Simon: I think that it's not charming to see the guys who made the Matrix recreate the Matrix.
Edgar: Maybe they'll do a fourth one in a North London pub.
O: Did you have to cut anything out that was written into the Shaun script?
Edgar: No. Only for pacing. There's nothing that was too gory or too rude that we had to cut out. It was only stuff for pacing reasons. The deleted scenes on the DVD are all time-caps, really. Just tightening up. There are a few extra things in the first half. Also, it's a balancing act. Going back to your first question about the tone of the film. It goes all the way through the writing, to the making, into the editing...It's about juggling that tone. There are certainly some jokes that we cut out. Not because they weren't funny, but because, especially in the last third of the film, when some of the deaths of some of the lead characters are sort of tough to take, it doesn't feel appropriate to have one of the lead characters die, and then have a joke straight afterwards. So, there was this constant balancing act of getting the tone right. Really.
O: Weren't some of the Zombies references to characters in SPACED also? Like the guy in the biker shorts?
Edgar: He's the only one, yeah. This is the kind of thing...We had a close-up of him. And then I decided not to put it in the edit, because rather than make it obvious, it's better to have a sort of "Where's Waldo?" thing. Instead of having the audience say, "Eh, isn't that...Huh?" There was just that one shot, really briefly. There was one like that, you're right.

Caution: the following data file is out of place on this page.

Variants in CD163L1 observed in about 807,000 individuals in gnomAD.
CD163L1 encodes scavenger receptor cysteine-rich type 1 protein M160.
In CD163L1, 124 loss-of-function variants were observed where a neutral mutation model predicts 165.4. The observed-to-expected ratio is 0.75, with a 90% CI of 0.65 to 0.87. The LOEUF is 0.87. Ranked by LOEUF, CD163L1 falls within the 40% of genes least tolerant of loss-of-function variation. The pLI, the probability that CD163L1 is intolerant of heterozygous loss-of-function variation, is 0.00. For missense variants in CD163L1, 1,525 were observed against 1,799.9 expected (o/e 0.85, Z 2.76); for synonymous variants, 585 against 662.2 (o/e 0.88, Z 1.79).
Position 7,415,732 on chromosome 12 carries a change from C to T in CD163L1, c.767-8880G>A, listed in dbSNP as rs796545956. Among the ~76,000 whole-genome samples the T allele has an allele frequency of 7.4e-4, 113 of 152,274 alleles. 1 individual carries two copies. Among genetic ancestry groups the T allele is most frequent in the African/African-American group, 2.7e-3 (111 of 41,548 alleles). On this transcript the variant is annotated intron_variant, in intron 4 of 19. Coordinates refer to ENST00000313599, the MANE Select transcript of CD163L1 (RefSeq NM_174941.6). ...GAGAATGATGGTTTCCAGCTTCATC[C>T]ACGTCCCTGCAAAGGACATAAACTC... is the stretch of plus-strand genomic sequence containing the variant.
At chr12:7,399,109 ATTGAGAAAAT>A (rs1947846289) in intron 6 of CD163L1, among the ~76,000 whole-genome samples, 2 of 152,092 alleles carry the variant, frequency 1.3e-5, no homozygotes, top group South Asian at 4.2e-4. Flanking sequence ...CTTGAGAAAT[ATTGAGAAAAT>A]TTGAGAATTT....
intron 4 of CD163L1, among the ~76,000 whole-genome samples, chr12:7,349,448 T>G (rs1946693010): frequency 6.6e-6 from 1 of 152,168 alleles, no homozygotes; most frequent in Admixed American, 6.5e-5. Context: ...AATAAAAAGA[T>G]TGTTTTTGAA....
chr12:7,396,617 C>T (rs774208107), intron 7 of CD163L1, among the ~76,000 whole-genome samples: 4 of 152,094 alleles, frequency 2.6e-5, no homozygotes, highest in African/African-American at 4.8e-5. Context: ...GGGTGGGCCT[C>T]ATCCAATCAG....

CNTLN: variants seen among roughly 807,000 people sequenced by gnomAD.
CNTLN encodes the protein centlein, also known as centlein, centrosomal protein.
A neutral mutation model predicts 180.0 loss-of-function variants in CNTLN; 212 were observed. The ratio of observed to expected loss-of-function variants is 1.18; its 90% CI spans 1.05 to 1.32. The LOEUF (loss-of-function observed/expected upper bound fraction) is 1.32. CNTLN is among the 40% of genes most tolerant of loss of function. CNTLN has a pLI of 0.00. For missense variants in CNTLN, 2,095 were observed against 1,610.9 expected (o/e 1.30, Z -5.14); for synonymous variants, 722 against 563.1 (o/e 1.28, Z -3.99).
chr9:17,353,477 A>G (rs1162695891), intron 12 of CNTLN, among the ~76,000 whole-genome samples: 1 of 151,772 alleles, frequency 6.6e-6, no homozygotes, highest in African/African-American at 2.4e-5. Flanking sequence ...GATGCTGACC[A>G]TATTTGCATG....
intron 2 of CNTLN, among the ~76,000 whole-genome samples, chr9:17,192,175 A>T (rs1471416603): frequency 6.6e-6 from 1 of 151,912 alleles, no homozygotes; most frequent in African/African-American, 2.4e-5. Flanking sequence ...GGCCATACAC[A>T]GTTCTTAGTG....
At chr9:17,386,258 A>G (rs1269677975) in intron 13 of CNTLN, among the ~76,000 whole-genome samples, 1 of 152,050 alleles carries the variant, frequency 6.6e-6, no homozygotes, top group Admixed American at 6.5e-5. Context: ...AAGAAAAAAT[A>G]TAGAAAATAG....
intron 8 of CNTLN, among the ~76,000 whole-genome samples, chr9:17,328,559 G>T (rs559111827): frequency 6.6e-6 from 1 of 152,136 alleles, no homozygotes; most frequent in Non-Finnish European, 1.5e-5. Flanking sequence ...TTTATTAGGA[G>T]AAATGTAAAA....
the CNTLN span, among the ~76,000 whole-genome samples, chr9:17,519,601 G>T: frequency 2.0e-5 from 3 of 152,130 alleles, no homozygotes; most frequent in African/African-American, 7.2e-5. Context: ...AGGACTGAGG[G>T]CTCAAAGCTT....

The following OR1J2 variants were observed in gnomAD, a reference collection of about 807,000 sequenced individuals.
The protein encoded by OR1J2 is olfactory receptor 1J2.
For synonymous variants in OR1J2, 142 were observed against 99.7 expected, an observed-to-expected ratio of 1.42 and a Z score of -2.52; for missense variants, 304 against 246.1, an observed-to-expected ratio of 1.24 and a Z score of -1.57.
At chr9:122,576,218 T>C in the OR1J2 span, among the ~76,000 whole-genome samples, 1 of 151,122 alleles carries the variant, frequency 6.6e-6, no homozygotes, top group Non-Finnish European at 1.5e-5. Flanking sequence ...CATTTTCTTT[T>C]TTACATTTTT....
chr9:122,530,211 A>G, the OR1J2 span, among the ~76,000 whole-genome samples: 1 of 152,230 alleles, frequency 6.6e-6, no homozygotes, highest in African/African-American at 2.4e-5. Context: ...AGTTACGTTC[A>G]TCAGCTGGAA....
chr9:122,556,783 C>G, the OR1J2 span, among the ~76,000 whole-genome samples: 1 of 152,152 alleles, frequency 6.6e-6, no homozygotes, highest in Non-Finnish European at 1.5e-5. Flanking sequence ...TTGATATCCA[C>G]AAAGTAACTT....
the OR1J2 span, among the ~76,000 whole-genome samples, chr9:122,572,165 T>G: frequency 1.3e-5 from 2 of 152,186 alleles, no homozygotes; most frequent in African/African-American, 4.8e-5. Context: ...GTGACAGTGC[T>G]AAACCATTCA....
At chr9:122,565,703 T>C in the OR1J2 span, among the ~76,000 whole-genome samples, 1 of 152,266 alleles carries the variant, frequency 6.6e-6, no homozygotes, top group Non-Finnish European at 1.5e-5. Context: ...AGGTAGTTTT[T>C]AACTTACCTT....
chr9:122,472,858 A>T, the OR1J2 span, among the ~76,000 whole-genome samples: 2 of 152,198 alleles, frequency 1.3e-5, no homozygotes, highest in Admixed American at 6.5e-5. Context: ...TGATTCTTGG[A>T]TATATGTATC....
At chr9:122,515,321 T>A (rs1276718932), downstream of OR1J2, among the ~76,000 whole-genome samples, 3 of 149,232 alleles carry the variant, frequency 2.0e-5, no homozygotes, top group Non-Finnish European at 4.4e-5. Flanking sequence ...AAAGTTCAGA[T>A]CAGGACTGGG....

O: Why did you set the film mostly in daytime?
Edgar: Because most horror films are set at nighttime. I just think it's scarier, somehow. And also because a lot of Dawn of the Dead is set in the daytime. So are other things, like the 70s version of Invasion of the Body Snatchers. It had a lot of daytime scenes. I just think it looks creepier. We wanted to shy away from what people think about horror films with a full moon, and the graveyard, that kind of stuff. We wanted to get away from that sort of Thriller, Return of the Living Dead kind of thing about it being Gothic. We wanted to shy away from that imagery completely. And make it a lot creepier, because it's just on your street, in your suburbs, in broad daylight. Zombies are there, eating people. We wanted to make it look a lot more striking. You know?
(Edgar's phone rings...)
Edgar: It's George Romero. I gotta take that...
(Edgar leaves the room...)
Simon: Yeah, we wanted it to end up in a pub because the pub is an essential piece of the film. And it's sort of a certain pub that we always used to go to. And, God...That couldn't have been timed better, could it...It's going to look great. George Romero called in the middle of the interview. Uh...
O: So, you've been in touch with him?
Simon: Yeah, yeah...We flew a copy out to him as soon as we finished it, because we wanted Daddy to approve. He watched it in Florida, somewhere. In some flea-bit cinema that he managed to get a hold of, to sort of screen it for him... He absolutely loved it. I think he was probably expecting a sort of Night of the Living Bread kind of pastiche. A student film. And he got a full-on movie. I think he was quite...He was touched, for sure. But he absolutely loved it, which was great. That was the only endorsement we ever really needed. It was from him.